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I’m finally attempting to tidy up all the accumulated detritus in the various rooms I occupy at home and came across this gem in the process.

I fondly remember this daily comic strip by Bill Watterson which appeared in the St. Louis Post-Dispatch after it was first published around 1985.  It ceased appearing in 1995, and I assumed it was because Watterson had run out of ideas, but it  looks like it’s still being published on-line here:

That site describes it as: “The beloved comic follows the richly imaginative adventures of 6-year-old Calvin and his trusty tiger, Hobbes.” Hobbes was just a stuffed toy, except whenever Calvin and Hobbes were alone together, when he changed into a real tiger, and not always a dependable friend to Calvin.

Calvin’s dad wants to give his son bicycling lessons, but Calvin would have none of it, claiming in one strip that his dad wants to kill him! Given how his dad fares in the strip shown below, he may have a point.

Calvin & Hobbes bikemare 4-2-1995 P-D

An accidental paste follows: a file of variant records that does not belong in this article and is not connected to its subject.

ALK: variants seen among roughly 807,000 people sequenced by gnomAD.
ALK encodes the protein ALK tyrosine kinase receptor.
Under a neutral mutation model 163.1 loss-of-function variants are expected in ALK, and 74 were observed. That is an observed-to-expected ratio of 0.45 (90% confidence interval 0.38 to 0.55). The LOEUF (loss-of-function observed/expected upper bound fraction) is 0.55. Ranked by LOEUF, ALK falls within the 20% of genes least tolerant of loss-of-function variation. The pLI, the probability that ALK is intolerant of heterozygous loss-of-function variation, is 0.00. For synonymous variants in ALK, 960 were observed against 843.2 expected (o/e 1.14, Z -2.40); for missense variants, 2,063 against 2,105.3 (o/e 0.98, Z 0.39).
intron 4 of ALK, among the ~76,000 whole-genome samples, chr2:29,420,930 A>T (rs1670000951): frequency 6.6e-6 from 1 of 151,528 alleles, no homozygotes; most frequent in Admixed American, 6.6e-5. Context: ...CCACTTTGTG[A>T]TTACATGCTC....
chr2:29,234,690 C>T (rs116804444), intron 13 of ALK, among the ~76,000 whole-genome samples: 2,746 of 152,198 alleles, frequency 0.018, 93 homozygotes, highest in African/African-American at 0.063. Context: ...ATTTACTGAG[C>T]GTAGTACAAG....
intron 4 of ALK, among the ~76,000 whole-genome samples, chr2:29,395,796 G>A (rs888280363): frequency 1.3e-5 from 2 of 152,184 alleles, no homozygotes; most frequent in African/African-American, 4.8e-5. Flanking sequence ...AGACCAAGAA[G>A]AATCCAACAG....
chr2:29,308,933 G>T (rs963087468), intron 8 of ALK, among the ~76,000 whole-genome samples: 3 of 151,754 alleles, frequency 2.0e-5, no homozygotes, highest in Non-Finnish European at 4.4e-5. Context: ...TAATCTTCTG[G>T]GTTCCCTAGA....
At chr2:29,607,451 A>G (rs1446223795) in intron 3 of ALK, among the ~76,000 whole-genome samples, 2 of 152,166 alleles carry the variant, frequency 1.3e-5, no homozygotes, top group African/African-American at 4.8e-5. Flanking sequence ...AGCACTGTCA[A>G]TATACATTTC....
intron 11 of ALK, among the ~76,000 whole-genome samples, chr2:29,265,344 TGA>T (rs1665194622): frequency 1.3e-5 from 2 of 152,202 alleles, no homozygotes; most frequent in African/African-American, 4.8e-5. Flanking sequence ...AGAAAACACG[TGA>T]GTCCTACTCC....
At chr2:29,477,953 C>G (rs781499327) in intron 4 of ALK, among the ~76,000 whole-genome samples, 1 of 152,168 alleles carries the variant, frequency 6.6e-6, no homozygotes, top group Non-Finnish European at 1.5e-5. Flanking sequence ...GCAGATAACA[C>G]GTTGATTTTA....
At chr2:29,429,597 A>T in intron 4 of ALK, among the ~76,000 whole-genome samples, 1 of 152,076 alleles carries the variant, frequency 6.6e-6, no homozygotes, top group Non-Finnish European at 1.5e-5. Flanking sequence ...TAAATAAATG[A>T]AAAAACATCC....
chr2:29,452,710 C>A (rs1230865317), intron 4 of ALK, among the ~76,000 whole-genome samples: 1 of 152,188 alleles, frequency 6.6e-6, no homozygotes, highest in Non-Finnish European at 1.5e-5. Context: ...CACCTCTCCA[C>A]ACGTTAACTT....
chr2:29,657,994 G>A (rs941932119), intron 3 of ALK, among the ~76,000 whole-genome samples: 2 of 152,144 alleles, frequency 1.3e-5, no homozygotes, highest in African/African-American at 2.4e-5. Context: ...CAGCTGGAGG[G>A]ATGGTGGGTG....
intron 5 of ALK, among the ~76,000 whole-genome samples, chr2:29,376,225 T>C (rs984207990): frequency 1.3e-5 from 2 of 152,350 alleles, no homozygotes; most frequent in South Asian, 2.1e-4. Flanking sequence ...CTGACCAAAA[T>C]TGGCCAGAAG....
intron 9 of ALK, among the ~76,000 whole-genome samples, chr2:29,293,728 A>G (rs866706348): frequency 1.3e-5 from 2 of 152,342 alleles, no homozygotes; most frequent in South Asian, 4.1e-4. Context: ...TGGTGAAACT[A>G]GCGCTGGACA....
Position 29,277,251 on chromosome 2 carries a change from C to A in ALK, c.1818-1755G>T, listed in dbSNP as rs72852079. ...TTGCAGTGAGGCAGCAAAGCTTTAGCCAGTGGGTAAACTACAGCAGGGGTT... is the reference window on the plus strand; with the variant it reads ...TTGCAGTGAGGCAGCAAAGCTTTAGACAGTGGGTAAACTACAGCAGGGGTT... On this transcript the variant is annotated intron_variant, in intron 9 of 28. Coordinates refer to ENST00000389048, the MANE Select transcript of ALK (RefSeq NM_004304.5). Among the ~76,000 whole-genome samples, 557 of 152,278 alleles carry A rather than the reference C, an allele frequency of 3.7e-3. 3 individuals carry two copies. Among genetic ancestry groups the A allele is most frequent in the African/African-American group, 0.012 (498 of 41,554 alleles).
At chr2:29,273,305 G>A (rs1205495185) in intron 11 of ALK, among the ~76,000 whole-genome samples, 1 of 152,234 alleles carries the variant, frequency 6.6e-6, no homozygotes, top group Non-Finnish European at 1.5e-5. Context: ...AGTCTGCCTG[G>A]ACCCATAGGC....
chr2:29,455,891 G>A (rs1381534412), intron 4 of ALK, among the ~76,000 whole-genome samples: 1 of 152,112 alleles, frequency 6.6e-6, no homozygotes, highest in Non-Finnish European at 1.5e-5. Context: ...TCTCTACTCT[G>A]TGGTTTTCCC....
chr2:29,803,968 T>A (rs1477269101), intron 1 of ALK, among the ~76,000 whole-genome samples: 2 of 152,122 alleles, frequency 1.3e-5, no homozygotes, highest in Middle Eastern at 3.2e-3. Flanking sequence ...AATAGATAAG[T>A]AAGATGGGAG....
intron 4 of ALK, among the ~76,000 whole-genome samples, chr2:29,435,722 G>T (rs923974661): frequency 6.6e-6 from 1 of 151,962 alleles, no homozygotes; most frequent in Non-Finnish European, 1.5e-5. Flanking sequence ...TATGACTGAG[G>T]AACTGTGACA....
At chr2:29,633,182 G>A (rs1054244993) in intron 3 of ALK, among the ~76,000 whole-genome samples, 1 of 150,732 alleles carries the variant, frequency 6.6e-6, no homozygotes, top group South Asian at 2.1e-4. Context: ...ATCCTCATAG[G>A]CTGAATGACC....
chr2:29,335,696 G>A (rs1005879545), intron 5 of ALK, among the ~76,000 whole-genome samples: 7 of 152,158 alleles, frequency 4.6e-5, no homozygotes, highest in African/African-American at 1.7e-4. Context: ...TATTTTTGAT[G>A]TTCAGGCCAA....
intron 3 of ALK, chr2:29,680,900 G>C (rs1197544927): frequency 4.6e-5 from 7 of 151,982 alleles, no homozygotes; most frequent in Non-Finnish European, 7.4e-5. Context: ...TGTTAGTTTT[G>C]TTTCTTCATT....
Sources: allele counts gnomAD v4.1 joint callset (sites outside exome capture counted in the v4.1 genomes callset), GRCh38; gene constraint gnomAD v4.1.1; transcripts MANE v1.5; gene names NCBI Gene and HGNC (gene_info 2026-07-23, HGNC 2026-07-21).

Calvin & Hobbes bikemare 4-2-1995 P-D

Just out of interest, what things is dad doing when bicycling that aren’t recommended by knowledgeable on-road cyclists?



  1. He’s driving his bike on the right (wrong) side of the white line where all the debris is and inviting close passes by the other road users.

    • Martin’s reply: I agree Josh. So where exactly in the lane should Dad be, would you say?

        • Josh
        • Posted November 19, 2017 at 11:25 am
        • Permalink

        It depends. It’s hard to tell from the picture. How wide is the traffic lane? How many other lanes are there? In general, the bicycle driver needs to be visible and relevant to the other drivers, which usually means driving near the center of the right lane just like other vehicle operators do (motorcyclists, people on scooters, horse and buggy drivers, farmers in their tractors, or whatever).
        It also depends on what he needs to do next. Is he preparing to make a left turn? Then he should be further left in the lane or starting to move into a left lane.
        There are a lot of factors, but we can certainly say for sure that he should not relegate himself to the gutter.

        Martin’s reply: Travel lanes in the U.S. on major roads with at least 2 lanes in each direction are typically 12 ft wide, which is too narrow to share, so you have to control them. In this case, it appears the motorist who’s cussing dad on his bike is in a separate lane from the large commercial truck behind him. So I think that your suggestion that the cyclist needs to be controlling the curb lane is absolutely correct.

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